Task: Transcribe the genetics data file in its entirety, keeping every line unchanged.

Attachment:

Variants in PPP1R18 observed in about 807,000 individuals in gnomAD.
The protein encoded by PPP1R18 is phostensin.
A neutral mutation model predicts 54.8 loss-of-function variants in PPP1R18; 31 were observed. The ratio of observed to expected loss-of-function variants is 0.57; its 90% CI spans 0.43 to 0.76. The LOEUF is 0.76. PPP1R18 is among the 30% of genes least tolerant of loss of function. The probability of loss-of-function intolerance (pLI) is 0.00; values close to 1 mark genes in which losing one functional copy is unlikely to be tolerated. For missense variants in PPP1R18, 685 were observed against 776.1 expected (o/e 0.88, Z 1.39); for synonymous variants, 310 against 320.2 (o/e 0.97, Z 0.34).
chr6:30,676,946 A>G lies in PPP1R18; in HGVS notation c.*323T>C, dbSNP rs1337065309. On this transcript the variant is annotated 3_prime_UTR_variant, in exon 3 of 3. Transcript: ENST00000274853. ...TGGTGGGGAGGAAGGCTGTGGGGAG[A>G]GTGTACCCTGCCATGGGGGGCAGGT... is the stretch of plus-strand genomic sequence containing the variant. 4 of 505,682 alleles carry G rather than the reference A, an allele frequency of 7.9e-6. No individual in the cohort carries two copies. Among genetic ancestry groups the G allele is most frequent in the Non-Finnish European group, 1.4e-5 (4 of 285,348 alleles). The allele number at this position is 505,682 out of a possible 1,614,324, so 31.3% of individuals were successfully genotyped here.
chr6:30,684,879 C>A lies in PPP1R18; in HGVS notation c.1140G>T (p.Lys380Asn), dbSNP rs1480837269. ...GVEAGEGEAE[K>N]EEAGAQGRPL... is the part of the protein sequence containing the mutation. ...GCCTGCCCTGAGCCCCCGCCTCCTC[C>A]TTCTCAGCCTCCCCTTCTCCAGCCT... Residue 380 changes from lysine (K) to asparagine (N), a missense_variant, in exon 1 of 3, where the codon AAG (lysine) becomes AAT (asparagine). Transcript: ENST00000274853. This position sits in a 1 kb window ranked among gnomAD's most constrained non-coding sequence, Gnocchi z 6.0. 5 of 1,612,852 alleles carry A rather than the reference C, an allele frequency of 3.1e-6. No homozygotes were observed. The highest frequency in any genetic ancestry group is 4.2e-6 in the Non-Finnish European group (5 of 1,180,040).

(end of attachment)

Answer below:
Variants in PPP1R18 observed in about 807,000 individuals in gnomAD.
The protein encoded by PPP1R18 is phostensin.
A neutral mutation model predicts 54.8 loss-of-function variants in PPP1R18; 31 were observed. The ratio of observed to expected loss-of-function variants is 0.57; its 90% CI spans 0.43 to 0.76. The LOEUF is 0.76. PPP1R18 is among the 30% of genes least tolerant of loss of function. The probability of loss-of-function intolerance (pLI) is 0.00; values close to 1 mark genes in which losing one functional copy is unlikely to be tolerated. For missense variants in PPP1R18, 685 were observed against 776.1 expected (o/e 0.88, Z 1.39); for synonymous variants, 310 against 320.2 (o/e 0.97, Z 0.34).
chr6:30,676,946 A>G lies in PPP1R18; in HGVS notation c.*323T>C, dbSNP rs1337065309. On this transcript the variant is annotated 3_prime_UTR_variant, in exon 3 of 3. Transcript: ENST00000274853. ...TGGTGGGGAGGAAGGCTGTGGGGAG[A>G]GTGTACCCTGCCATGGGGGGCAGGT... is the stretch of plus-strand genomic sequence containing the variant. 4 of 505,682 alleles carry G rather than the reference A, an allele frequency of 7.9e-6. No individual in the cohort carries two copies. Among genetic ancestry groups the G allele is most frequent in the Non-Finnish European group, 1.4e-5 (4 of 285,348 alleles). The allele number at this position is 505,682 out of a possible 1,614,324, so 31.3% of individuals were successfully genotyped here.
chr6:30,684,879 C>A lies in PPP1R18; in HGVS notation c.1140G>T (p.Lys380Asn), dbSNP rs1480837269. ...GVEAGEGEAE[K>N]EEAGAQGRPL... is the part of the protein sequence containing the mutation. ...GCCTGCCCTGAGCCCCCGCCTCCTC[C>A]TTCTCAGCCTCCCCTTCTCCAGCCT... Residue 380 changes from lysine (K) to asparagine (N), a missense_variant, in exon 1 of 3, where the codon AAG (lysine) becomes AAT (asparagine). Transcript: ENST00000274853. This position sits in a 1 kb window ranked among gnomAD's most constrained non-coding sequence, Gnocchi z 6.0. 5 of 1,612,852 alleles carry A rather than the reference C, an allele frequency of 3.1e-6. No homozygotes were observed. The highest frequency in any genetic ancestry group is 4.2e-6 in the Non-Finnish European group (5 of 1,180,040).